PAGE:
Temperature data being uploaded

Well Depth Sensing: Temperatures are in the Database

In my previous post, the ESP8266 Arduino Sketch was reading 12 temperature sensors. In this post, I describe the progress on the web side of things: the PHP web service that stores temperatures in an SQL database.

I’m really happy with the ESP8266 so far: it reliably connects to a given WiFi access point, and now it’s reliably doing an HTTPS POST of data to my PHP web service.

Well Temperature Dataflow
Well Temperature Dataflow

The tricky part of getting an HTTPS request to work from the ESP8266 was finding the Fingerprint of the site I wanted to send data to. I could find instructions on how to copy a site’s SSL Certificate using Chrome, and I could find how generate a Fingerprint from an SSL Certificate, but the file formats didn’t seem right. Eventually I found that the Base-64 encoded X.509 .cer file was exactly what openssl wanted as a .crt file; that is, the one set of data can be stored with (at least) two different file extensions. The details are in Diary.odt in my Github Repostory for the project.

Once I had the Fingerprint, it was easy to add a client.verify() call to the Sketch, to verify that the HTTPS connection was with the host I wanted.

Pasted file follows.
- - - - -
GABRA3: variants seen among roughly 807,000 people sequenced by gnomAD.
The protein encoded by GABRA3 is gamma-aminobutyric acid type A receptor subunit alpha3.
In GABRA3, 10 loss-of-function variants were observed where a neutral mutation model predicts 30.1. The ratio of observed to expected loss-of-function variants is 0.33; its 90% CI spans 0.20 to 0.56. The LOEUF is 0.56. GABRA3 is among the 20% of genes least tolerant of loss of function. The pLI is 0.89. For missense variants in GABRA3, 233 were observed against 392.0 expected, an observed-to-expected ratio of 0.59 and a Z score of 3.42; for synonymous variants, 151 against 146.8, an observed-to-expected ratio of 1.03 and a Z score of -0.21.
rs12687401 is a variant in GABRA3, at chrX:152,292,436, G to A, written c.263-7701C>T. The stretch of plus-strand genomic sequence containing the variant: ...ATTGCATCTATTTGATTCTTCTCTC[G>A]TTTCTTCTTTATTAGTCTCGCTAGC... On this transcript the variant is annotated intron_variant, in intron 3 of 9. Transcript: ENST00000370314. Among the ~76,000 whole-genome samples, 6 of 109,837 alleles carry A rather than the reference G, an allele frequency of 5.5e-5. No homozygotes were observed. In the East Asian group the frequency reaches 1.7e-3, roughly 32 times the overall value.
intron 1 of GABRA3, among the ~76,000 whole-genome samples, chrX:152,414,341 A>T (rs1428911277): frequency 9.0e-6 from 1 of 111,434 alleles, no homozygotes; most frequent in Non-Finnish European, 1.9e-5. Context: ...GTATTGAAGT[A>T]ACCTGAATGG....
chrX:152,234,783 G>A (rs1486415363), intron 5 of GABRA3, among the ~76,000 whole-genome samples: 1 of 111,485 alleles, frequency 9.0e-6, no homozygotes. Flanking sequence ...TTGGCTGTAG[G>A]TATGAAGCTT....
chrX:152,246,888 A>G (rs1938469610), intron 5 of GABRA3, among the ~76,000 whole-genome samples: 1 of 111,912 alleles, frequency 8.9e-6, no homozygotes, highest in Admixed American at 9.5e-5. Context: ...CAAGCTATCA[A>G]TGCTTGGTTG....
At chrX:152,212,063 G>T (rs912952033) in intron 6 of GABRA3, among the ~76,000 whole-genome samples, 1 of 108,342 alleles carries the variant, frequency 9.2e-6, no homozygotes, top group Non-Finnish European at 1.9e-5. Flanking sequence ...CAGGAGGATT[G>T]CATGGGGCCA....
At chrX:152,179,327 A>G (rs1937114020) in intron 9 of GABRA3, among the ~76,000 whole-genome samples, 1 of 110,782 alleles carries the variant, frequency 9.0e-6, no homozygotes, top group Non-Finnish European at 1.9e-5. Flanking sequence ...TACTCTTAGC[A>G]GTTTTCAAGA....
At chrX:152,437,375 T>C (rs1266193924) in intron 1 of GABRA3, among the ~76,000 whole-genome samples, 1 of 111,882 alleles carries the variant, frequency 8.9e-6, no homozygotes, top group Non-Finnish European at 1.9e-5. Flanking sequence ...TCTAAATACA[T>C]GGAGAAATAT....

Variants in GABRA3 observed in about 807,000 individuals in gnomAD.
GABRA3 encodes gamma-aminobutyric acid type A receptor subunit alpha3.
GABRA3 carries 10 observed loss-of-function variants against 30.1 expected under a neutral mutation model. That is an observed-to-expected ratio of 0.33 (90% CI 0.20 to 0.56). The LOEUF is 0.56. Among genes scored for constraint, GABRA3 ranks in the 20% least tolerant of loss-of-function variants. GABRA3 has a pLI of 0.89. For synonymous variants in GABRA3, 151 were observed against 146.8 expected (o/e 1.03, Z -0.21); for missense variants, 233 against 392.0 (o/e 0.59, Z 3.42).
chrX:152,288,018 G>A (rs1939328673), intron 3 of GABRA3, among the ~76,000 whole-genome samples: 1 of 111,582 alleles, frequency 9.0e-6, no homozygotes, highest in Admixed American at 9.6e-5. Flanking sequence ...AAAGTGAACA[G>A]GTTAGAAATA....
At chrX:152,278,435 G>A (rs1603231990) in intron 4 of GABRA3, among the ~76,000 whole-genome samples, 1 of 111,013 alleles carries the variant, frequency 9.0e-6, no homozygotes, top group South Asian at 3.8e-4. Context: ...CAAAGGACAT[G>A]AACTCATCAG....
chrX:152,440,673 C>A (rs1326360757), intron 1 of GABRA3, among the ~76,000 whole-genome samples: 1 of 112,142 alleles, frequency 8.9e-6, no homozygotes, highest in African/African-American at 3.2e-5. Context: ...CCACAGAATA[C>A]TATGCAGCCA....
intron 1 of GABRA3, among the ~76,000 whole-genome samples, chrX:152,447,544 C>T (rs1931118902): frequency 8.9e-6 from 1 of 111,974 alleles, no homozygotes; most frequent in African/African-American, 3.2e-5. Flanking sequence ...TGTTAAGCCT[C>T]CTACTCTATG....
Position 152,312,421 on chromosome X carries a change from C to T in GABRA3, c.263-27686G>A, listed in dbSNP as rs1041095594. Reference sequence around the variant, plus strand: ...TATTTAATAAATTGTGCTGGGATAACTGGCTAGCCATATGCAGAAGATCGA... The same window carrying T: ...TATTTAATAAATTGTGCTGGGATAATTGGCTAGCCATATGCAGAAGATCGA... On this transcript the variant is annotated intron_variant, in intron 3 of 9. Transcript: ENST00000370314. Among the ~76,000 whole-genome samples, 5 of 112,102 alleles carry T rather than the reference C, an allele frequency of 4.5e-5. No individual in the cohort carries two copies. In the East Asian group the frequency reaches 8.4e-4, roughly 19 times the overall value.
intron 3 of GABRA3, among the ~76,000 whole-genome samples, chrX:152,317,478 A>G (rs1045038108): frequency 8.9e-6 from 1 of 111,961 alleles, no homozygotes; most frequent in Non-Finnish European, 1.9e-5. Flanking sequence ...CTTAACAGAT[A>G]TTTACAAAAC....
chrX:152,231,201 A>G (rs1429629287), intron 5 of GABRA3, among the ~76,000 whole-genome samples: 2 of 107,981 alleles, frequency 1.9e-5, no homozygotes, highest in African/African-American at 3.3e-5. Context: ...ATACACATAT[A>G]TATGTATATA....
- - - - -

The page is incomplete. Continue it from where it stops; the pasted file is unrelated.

Once I had a connection to the server, it was relatively easy to find how to send HTTPS POST parameters as the Content of the HTTPS request.

On the server side, I wrote a PHP script to receive the HTTPS POST request and its parameters (welldepthpost.php in the Github repo). By the way, I’m using PHP because I haven’t been able to get my (commercially hosted) web site to support Python.  Once I could see – through debug output of the script – that the temperature sensors’ data was getting to the PHP page, all I had left was to add code to do an Insert into an SQL database.

Again, it was pretty straightforward to write the SQL interface code, based on an older PHP script I’d written a few years ago. The big change was the all the mysql_*() calls in PHP have been deprecated and replaced by (mostly!) compatible mysqli_*() calls. I say “mostly” because I found the hard way that the parameters in mysqli_query() were in the opposite order from those in mysql_query().

So now my little ESP8266 periodically reads the temperature from 12 temperature sensors and sends them to my web service, which (after validating the data) puts them in a database. The Sketch has been running for over 4 hours now with no problems – whee!

The diary that shows my wandering path to success, and the code, are in my WellDepthTemperature git repo.

In my next post, I design the 3D printed junction box for the 1-wire bus.